Hair loss is an everyday concern to millions of men and women worldwide. While one of the most common causes of hair loss is androgenic alopecia – male and female pattern baldness – there are many other factors that create follicular challenges. Here are just a few of them:


The Programmed Three-Part Life Cycle – Growth, Resting and Shedding

growth stages

Extreme stress, be it physical (trauma, a severe illness, flu) or psychological (a bereavement, for example) can shock this cycle, forcing more hair into the shedding phase. This condition, known as telogen effluvium, is usually only temporary and, in the majority of cases, hair will regrow.


A Hereditary Predisposition

bald dad

Two thirds of men will experience male pattern baldness, and genetics is understood to be a key factor where a man’s hair follicles are predisposed to be oversensitive to the male hormone DHT.


Side Effects of Prescription Drugs


If you see your doctor about your hair loss, one of the first questions they will ask is if you are on any medication. It is not just chemotherapy that lists alopecia as a side effect but many drugs including anti-thyroid medication, anti coagulants and anti-convulsants, too.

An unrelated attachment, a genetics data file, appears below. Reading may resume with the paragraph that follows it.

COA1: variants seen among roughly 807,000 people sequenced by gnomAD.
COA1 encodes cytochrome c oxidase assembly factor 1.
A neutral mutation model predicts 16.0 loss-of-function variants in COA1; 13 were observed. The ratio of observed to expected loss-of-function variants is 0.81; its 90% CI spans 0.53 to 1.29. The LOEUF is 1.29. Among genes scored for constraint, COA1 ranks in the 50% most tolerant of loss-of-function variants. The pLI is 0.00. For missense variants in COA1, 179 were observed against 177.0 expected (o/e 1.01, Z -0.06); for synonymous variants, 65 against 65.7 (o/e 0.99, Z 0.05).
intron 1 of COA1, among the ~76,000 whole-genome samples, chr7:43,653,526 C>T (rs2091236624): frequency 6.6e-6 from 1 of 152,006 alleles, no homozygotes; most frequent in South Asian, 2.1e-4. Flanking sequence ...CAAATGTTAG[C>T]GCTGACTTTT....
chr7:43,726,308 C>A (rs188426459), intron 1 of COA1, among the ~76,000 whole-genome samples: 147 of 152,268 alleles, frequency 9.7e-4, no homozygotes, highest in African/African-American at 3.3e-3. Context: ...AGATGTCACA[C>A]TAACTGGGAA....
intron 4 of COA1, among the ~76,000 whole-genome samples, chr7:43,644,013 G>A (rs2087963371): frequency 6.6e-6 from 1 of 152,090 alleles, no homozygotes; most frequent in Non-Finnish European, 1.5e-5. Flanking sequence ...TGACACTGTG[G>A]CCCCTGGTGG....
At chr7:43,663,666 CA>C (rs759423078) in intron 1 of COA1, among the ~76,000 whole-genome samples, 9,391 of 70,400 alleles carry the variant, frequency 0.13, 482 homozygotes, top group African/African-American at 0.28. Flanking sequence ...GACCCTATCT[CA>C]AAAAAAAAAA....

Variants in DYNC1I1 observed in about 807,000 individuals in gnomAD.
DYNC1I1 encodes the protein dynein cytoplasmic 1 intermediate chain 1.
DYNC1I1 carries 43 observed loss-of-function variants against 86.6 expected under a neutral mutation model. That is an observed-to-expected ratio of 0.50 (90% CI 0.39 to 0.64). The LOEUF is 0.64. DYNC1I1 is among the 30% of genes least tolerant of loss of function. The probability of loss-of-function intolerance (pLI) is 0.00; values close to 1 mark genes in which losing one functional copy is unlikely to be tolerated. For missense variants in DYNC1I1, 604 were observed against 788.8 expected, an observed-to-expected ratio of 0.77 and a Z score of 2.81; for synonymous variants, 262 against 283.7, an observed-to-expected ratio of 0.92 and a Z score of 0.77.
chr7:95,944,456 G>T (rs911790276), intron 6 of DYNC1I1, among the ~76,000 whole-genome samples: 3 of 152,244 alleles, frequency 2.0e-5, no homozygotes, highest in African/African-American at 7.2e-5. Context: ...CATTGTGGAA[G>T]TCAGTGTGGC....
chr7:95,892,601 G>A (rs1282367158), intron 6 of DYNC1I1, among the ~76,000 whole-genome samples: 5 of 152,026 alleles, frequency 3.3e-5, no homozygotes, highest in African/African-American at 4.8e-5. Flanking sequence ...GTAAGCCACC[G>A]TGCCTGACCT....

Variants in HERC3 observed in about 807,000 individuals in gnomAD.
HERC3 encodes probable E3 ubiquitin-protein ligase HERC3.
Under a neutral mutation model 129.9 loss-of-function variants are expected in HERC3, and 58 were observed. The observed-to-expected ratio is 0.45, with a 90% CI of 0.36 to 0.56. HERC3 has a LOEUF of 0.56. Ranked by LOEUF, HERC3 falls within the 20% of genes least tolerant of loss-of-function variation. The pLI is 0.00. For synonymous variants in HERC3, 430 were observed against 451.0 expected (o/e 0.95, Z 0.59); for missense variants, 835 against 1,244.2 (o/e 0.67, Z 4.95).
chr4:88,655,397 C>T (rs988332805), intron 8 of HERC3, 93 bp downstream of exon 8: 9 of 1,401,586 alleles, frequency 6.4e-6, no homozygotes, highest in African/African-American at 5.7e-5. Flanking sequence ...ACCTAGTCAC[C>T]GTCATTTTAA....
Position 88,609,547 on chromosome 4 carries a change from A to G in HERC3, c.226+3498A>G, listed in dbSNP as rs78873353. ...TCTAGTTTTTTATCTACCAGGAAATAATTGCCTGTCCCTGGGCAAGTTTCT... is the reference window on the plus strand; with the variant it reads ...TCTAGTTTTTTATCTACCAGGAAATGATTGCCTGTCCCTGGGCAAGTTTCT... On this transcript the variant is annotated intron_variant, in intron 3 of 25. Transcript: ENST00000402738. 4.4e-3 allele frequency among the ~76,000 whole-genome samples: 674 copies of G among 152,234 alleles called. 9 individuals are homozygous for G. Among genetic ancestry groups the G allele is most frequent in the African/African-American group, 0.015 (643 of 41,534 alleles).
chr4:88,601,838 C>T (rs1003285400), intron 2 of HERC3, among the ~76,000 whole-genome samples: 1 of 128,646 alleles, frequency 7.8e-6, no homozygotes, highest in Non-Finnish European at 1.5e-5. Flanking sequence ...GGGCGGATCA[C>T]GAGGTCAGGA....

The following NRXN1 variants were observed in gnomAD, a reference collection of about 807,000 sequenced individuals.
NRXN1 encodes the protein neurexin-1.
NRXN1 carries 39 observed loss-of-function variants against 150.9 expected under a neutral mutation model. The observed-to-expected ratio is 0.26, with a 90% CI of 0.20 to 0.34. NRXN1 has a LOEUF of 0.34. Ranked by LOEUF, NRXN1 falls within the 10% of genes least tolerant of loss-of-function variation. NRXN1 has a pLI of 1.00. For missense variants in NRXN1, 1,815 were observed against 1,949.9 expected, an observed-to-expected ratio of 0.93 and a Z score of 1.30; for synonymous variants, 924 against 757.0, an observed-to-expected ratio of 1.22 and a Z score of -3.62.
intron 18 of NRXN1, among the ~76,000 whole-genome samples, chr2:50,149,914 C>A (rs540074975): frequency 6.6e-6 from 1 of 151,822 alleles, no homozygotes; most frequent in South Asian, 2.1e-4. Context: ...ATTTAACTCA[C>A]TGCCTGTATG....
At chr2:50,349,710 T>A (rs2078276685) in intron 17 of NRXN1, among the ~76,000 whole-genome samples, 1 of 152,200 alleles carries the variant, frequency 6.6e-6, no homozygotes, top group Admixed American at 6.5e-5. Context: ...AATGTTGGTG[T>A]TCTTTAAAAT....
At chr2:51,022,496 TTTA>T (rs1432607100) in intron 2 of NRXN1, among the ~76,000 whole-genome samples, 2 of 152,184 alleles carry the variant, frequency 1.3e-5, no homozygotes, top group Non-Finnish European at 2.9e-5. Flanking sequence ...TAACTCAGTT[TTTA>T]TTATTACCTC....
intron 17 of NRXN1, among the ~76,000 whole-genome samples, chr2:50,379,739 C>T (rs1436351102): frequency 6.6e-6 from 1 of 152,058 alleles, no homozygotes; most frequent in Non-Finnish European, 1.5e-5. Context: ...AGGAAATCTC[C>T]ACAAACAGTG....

Female Hormones


An elevated oestrogen level can boost hair growth (as is evident during pregnancy), and a dip can precipitate hair loss, notably in post-menopausal women. With lower levels of oestrogen, male hormones are freer to roam and to set about miniaturising the hair follicles, hampering regeneration.


Auto Immune Conditions


With some conditions the body becomes confused, mistakenly identifying hair follicles as foreign bodies. It then sets about attacking the follicles, resulting in patches of baldness or ‘alopecia areata’.


A Lack Of Protein


If there is insufficient protein in your system, your body has to embark on a rationing programme. Part of this is to shut down hair growth. Eat protein-rich foods to ensure this doesn’t happen.


Polycystic Ovarian Syndrome


Women with PCOS experience an imbalance in the male and female sex hormones and this can often lead to diffuse thinning.


Anabolic Steroids


Similarly, anabolic steroids favoured by men keen to bulk up can cause an imbalance in hormone levels, resulting in restricted hair follicles and reduced growth.


Overly Zealous Styling


It is easy to take our hair for granted – at least, until it starts falling out. Before you reach for the hot-oil treatments or decide on tight braids, hair weaves or chemical relaxers, bear in mind that over-styling can make hair that was once strong and lustrous increasingly fragile.



By Ian Watson


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